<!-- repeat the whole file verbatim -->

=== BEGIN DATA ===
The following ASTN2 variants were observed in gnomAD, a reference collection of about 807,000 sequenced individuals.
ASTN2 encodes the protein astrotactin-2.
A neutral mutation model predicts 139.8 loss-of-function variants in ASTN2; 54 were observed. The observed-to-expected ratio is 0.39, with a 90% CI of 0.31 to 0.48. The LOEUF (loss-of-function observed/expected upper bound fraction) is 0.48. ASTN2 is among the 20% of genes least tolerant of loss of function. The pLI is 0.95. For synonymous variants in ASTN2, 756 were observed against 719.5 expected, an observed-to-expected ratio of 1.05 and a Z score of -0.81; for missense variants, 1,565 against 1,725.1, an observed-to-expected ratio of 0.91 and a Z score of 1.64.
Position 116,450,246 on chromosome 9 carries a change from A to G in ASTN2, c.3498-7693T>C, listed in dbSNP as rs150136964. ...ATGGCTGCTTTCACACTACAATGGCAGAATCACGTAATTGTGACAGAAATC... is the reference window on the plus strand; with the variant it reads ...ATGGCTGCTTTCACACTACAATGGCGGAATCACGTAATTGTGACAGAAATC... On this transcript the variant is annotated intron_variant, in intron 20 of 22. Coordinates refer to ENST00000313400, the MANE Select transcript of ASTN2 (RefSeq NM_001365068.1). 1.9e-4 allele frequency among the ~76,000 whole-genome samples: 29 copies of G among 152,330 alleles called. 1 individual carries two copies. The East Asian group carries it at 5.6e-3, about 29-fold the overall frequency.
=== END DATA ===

The following ASTN2 variants were observed in gnomAD, a reference collection of about 807,000 sequenced individuals.
ASTN2 encodes the protein astrotactin-2.
A neutral mutation model predicts 139.8 loss-of-function variants in ASTN2; 54 were observed. The observed-to-expected ratio is 0.39, with a 90% CI of 0.31 to 0.48. The LOEUF (loss-of-function observed/expected upper bound fraction) is 0.48. ASTN2 is among the 20% of genes least tolerant of loss of function. The pLI is 0.95. For synonymous variants in ASTN2, 756 were observed against 719.5 expected, an observed-to-expected ratio of 1.05 and a Z score of -0.81; for missense variants, 1,565 against 1,725.1, an observed-to-expected ratio of 0.91 and a Z score of 1.64.
Position 116,450,246 on chromosome 9 carries a change from A to G in ASTN2, c.3498-7693T>C, listed in dbSNP as rs150136964. ...ATGGCTGCTTTCACACTACAATGGCAGAATCACGTAATTGTGACAGAAATC... is the reference window on the plus strand; with the variant it reads ...ATGGCTGCTTTCACACTACAATGGCGGAATCACGTAATTGTGACAGAAATC... On this transcript the variant is annotated intron_variant, in intron 20 of 22. Coordinates refer to ENST00000313400, the MANE Select transcript of ASTN2 (RefSeq NM_001365068.1). 1.9e-4 allele frequency among the ~76,000 whole-genome samples: 29 copies of G among 152,330 alleles called. 1 individual carries two copies. The East Asian group carries it at 5.6e-3, about 29-fold the overall frequency.